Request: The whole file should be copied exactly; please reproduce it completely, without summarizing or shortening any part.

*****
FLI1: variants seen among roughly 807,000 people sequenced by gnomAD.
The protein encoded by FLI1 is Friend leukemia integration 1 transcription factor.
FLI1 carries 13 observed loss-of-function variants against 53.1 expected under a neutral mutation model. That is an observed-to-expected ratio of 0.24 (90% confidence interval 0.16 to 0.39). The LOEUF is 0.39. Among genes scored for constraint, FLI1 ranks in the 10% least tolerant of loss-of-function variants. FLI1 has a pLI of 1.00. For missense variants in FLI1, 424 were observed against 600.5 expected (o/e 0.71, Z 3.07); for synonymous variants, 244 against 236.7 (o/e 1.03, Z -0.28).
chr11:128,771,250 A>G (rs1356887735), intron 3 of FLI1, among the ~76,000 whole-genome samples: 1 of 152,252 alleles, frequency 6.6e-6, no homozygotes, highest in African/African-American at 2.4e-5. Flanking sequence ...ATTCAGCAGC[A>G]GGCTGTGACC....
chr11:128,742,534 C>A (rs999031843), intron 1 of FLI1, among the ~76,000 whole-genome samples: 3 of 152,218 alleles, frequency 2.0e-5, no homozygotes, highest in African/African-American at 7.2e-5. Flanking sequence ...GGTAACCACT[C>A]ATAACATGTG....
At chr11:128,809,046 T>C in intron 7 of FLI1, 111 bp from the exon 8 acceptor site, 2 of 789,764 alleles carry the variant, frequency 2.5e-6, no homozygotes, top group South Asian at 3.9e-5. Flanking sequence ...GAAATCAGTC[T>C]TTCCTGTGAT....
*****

FLI1: variants seen among roughly 807,000 people sequenced by gnomAD.
The protein encoded by FLI1 is Friend leukemia integration 1 transcription factor.
FLI1 carries 13 observed loss-of-function variants against 53.1 expected under a neutral mutation model. That is an observed-to-expected ratio of 0.24 (90% confidence interval 0.16 to 0.39). The LOEUF is 0.39. Among genes scored for constraint, FLI1 ranks in the 10% least tolerant of loss-of-function variants. FLI1 has a pLI of 1.00. For missense variants in FLI1, 424 were observed against 600.5 expected (o/e 0.71, Z 3.07); for synonymous variants, 244 against 236.7 (o/e 1.03, Z -0.28).
chr11:128,771,250 A>G (rs1356887735), intron 3 of FLI1, among the ~76,000 whole-genome samples: 1 of 152,252 alleles, frequency 6.6e-6, no homozygotes, highest in African/African-American at 2.4e-5. Flanking sequence ...ATTCAGCAGC[A>G]GGCTGTGACC....
chr11:128,742,534 C>A (rs999031843), intron 1 of FLI1, among the ~76,000 whole-genome samples: 3 of 152,218 alleles, frequency 2.0e-5, no homozygotes, highest in African/African-American at 7.2e-5. Flanking sequence ...GGTAACCACT[C>A]ATAACATGTG....
At chr11:128,809,046 T>C in intron 7 of FLI1, 111 bp from the exon 8 acceptor site, 2 of 789,764 alleles carry the variant, frequency 2.5e-6, no homozygotes, top group South Asian at 3.9e-5. Flanking sequence ...GAAATCAGTC[T>C]TTCCTGTGAT....